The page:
So how do we do this?  Well ask your students to record themselves reading scripted piece.

Make it something useful, beautiful or at least true because they will listen to it or at least stumble upon it at some point again in the future.  In a way this choice of what they should read or repeat is as important as those choices your teachers made when they had you learn things off by heart.  Maybe the first paragraph of a book you think everyone should read.  Maybe a description of your city.  Maybe a poem which doesn't force a reading like The Red Wheelbarrow by William Carlos Williams.

But make it and then make them listen to it with another student or with yourself and make some notes.

Sure you could make a little grammar lesson to tie in with the piece you've chosen and extract the vocabulary for pre-teaching.  But my recommendation is to make the subject matter worthy of native speakers and as usual to take the pronunciation as seriously as the spelling.  Recording is one of the best ways to include the learner in your process of noticing so that soon it becomes their process too.

giovedì 31 gennaio 2013

I use fb enough to call it fb and for you to understand that.

I follow a couple of ELT things- one was

Keeping this blog I am amazed at how little comes up on pronunciation, but I am *special* I guess.

BusyTeacher, run by yet another exhausted but optimistic ex-English language teacher trying to somehow salvage those good, underappreciated years spent teaching, had a "three good websites for..." this week post.  So naturally I went to check it out.

My thoughts:
~Merriam-Webster?! you must be joking... it does have some suggestions and models but it doesn't teach or help it refers you to a model.  That's like the easiest part of teaching.  What kind of...~ howjsay.  I remember when I found that site.  That was a good reference: uncluttered, single focus, obviously made by someone what knew what they were after was a clear student friendly reference-Not world domination.~
~...and what's this three character?  Rachel's English?  Probably some set of 21 accents videos, if it's anything like the quality of the last two there's nothing new...~

And that's how I left it for 12 hours, after posting it to a couple of folks who might find all three sites worthwhile.

This morning I went back to that link and checked out Rachel's English... and actually it gave me a little fright.  It was a very nice if templated design.  I watched the intro video.  Then as usual went straight to the about section to see who made it and why and of course how.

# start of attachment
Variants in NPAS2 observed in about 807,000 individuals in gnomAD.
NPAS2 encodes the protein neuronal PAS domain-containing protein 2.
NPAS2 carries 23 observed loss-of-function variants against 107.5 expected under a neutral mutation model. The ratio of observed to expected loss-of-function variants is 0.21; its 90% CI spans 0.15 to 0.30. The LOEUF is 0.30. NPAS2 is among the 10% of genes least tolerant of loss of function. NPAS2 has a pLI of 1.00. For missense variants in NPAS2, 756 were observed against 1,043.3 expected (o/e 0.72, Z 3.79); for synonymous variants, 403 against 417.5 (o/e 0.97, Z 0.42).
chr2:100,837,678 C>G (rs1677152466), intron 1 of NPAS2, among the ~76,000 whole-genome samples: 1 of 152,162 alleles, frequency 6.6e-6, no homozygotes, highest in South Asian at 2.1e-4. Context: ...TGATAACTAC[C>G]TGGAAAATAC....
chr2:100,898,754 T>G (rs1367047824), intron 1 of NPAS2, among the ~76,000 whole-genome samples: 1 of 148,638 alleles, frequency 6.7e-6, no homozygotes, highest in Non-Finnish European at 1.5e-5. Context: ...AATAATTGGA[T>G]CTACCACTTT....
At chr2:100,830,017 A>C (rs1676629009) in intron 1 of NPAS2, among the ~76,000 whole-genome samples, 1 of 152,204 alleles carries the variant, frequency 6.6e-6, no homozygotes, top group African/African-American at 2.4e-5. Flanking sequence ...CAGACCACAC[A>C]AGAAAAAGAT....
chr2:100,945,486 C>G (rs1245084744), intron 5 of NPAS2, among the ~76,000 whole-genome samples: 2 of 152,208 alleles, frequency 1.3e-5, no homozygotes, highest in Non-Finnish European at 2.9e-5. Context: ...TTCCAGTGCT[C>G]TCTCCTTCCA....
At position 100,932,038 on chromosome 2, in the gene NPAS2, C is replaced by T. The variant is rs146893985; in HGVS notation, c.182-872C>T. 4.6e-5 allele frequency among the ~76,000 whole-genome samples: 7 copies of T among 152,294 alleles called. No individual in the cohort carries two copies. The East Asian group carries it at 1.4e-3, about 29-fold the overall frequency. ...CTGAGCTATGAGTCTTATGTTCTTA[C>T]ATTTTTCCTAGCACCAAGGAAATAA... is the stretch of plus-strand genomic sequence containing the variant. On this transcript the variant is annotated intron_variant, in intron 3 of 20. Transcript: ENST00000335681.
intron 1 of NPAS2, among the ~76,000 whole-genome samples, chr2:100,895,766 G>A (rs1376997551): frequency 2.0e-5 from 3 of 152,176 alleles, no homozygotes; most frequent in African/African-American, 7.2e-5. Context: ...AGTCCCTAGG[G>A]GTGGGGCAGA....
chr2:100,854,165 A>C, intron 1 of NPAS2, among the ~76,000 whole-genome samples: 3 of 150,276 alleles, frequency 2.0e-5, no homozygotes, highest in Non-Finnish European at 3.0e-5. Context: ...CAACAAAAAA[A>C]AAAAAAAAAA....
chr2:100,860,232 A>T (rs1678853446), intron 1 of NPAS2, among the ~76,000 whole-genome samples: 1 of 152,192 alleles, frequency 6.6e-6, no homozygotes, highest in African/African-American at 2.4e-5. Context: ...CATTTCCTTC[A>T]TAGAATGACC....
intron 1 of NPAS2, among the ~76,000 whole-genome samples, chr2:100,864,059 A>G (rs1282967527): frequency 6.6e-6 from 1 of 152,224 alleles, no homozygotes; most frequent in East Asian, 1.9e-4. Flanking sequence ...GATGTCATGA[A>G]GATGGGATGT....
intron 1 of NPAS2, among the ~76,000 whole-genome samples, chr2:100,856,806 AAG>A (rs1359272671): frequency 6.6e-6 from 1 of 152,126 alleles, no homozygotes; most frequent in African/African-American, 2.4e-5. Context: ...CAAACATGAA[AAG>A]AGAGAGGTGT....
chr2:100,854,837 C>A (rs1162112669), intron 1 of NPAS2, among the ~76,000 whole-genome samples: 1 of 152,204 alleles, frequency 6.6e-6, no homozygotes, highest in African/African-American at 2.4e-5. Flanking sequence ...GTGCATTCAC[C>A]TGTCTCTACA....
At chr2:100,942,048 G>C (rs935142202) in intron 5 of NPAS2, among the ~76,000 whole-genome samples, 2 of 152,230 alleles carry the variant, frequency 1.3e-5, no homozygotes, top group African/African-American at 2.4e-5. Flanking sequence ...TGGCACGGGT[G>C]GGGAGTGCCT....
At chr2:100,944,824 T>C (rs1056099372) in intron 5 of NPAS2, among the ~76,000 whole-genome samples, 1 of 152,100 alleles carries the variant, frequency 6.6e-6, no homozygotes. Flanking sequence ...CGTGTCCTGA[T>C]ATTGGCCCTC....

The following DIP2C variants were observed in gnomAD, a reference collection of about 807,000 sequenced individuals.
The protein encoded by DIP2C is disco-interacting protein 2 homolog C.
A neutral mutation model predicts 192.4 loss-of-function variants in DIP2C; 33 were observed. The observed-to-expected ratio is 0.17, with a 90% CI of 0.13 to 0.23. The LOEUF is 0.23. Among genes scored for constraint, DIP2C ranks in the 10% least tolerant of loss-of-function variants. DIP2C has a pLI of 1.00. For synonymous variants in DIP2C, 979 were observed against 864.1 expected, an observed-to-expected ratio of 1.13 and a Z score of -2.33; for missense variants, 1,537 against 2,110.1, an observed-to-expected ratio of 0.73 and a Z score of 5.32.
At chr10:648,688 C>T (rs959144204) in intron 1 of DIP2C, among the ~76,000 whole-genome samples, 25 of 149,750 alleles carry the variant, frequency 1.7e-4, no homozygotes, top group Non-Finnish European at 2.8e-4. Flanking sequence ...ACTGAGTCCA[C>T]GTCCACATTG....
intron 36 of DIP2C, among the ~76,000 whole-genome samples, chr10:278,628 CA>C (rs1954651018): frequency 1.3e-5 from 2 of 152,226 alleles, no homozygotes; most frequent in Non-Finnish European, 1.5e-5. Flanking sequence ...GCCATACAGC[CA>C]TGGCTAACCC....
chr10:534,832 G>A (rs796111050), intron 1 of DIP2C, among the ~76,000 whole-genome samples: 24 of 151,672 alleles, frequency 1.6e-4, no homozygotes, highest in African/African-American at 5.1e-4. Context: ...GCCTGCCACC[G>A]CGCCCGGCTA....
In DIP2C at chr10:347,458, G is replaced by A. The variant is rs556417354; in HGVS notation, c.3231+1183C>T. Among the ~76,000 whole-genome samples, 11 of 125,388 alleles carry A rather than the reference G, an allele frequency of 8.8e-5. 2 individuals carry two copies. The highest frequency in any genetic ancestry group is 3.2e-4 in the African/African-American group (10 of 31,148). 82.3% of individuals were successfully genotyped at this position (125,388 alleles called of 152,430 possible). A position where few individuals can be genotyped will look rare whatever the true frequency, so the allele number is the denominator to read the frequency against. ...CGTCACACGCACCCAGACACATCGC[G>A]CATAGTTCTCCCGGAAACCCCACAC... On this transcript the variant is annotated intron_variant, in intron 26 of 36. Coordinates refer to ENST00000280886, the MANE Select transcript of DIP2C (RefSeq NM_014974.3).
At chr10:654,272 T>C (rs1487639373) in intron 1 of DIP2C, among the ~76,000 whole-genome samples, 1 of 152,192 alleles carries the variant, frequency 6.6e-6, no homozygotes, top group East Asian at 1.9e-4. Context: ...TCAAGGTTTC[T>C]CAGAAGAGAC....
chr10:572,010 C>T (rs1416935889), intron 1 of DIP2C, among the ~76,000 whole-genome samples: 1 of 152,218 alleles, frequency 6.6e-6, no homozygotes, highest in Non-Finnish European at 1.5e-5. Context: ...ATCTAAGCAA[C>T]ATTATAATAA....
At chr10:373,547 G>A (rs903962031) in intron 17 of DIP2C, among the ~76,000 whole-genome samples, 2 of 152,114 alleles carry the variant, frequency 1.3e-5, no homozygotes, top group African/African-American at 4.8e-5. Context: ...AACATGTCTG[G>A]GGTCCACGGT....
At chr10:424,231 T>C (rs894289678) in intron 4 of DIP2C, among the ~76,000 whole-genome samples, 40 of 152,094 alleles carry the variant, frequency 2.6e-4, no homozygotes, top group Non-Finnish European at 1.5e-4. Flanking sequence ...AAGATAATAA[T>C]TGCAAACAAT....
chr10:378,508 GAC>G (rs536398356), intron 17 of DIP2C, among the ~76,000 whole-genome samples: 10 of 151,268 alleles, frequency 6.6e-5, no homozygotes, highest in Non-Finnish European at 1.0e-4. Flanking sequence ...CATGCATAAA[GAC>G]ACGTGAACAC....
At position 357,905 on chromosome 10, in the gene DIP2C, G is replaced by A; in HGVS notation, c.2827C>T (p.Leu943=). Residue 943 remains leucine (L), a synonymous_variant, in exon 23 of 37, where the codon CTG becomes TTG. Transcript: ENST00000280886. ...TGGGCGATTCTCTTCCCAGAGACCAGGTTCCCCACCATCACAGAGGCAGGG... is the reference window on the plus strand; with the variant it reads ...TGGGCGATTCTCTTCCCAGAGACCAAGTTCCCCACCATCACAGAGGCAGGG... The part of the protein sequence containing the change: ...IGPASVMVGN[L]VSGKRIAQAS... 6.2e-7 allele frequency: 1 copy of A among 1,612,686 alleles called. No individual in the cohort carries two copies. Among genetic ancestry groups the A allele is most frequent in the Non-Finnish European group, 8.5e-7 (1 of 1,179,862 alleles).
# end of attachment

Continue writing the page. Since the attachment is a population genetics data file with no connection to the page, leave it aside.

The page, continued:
Here's a link and the text if you don't want to get up:
Rachel has been working on Rachel's English for over 4 years.  Having taught ESL off and on since 1999, she became interested in developing a pronunciation-focused resource while living in Germany under the Rotary Ambassadorial Scholarship program in 2008. 
Rachel's initial idea in developing Rachel's English was to make the kind of resource for self-study that she wished she could find for her own foreign language study.  As a classical singer, Rachel has spent much time immersed in singing in German, French, Italian, and Spanish.  She studied with highly acclaimed vocal teachers and coaches and brings a body of detailed knowledge connected to the voice, placement, and the musical nature of speech to her work as a pronunciation coach. 
Rachel lives in New York City.  She was born and raised in Florida, went to college in Indiana where she studied Applied Math, Computer Science, and Music, and graduate school for Opera Performance in Boston. She loves being connected to people throughout the world through Rachel's English. 

Well that's nice bu
actually this one is good:  It's a new website. We can see that  the Rachel'sEnglish American English Pronunciation site has paid BusyTeacher for the article as a kind of infomercial.  It presents 3 websites: 2 very old websites which are not user-friendly or authentically different from what a novice teacher can offer their students, and 1 which is better (and shinier!).  We saw the same "we'll choose what to compare for you"  sales pitch method used by the head of IATEFL last year but sometimes the thing they are selling is honestly pretty good.  It does make me wonder what the factors are which help presenters choose this method of presentation.